Ilmarinen J. The work ability index (WAI). Occup Med (Lond). 2007;57:160.
Roelen CA, Heymans MW, Twisk JW, van der Klink JJ, Groothoff JW, van Rhenen W. Work ability index as tool to identify workers at risk of premature work exit. J Occup Rehabil. 2014;24:747–54.
Matheson LN, Matheson ML. Spinal function Sort: rating of perceived capacity. Text booklet and Examiner's manual. Trabuco canyon: performance assessment and capacity testing; 1989.
Matheson LN, Matheson ML, Grant J. Development of a measure of perceived functional ability. J Occup Rehabil. 1993;3:15–30.
Oesch PR, Hilfiker R, Kool JP, Bachmann S, Hagen KB. Perceived functional ability assessed with the spinal function sort: is it valid for European rehabilitation settings in patients with non-specific non-acute low back pain? Eur Spine J. 2010;19:1527–33.
Trippolini MA, Dijkstra PU, Geertzen JH, Reneman MF. Measurement properties of the spinal function Sort in patients with sub-acute whiplash-associated disorders. J Occup Rehabil. 2015;25:527–36.
Kromark K, Rojahn K, Nienhaus A. Disc-induced pathologies of the lumbar spine in nurses. Trauma Berufskrankh. 2005;7:67–72.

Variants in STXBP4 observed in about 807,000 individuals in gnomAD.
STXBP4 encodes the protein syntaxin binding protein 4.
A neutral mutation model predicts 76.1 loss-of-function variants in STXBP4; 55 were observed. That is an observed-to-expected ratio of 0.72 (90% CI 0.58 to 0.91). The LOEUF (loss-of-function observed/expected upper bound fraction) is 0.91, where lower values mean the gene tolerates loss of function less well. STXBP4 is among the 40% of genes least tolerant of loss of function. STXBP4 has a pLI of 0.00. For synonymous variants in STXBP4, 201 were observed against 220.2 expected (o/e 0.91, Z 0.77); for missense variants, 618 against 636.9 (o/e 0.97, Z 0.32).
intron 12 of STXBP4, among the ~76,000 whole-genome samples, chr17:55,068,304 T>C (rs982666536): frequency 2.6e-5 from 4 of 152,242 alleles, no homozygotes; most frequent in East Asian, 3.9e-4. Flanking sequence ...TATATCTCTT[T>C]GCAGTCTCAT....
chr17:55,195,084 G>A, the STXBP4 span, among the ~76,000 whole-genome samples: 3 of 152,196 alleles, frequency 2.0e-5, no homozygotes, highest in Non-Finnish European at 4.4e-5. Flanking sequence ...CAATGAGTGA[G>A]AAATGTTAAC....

Darlow B, Dowell A, Baxter GD, Mathieson F, Perry M, Dean S. The enduring impact of what clinicians say to people with low back pain. Ann Fam Med. 2013;11:527–34.
Darlow B, Perry M, Stanley J, Mathieson F, Melloh M, Baxter GD, Dowell A. Cross-sectional survey of attitudes and beliefs about back pain in New Zealand. BMJ Open. 2014;4:e004725.
Wertli MM, Rasmussen-Barr E, Held U, Weiser S, Bachmann LM, Brunner F. Fear-avoidance beliefs-a moderator of treatment efficacy in patients with low back pain: a systematic review. Spine J. 2014;14:2658–78.
Glattacker M, Heyduck K, Meffert C. Illness beliefs and treatment beliefs as predictors of short-term and medium-term outcome in chronic back pain. J Rehabil Med. 2013;45:268–76.
Koller M, Neugebauer EA, Augustin M, Bussing A, Farin E, Klinkhammer-Schalke M, Lorenz W, Munch K, Petersen-Ewert C, Steinbuchel N, Wieseler B. Assessment of quality of life in health services research - conceptual, methodological and structural prerequisites. Gesundheitswesen. 2009;71:864–72.
Infurna FJ, Gerstorf D, Ram N, Schupp J, Wagner GG. Long-term antecedents and outcomes of perceived control. Psychol Aging. 2011;26:559–75.
Keedy NH, Keffala VJ, Altmaier EM, Chen JJ. Health locus of control and self-efficacy predict back pain rehabilitation outcomes. Iowa Orthop J. 2014;34:158–65.
Bandura A. In: Ramachaudran V, editor. Self-efficacy. In encyclopedia of human behavior. New York: Academic Press; 1994. p. 71–88.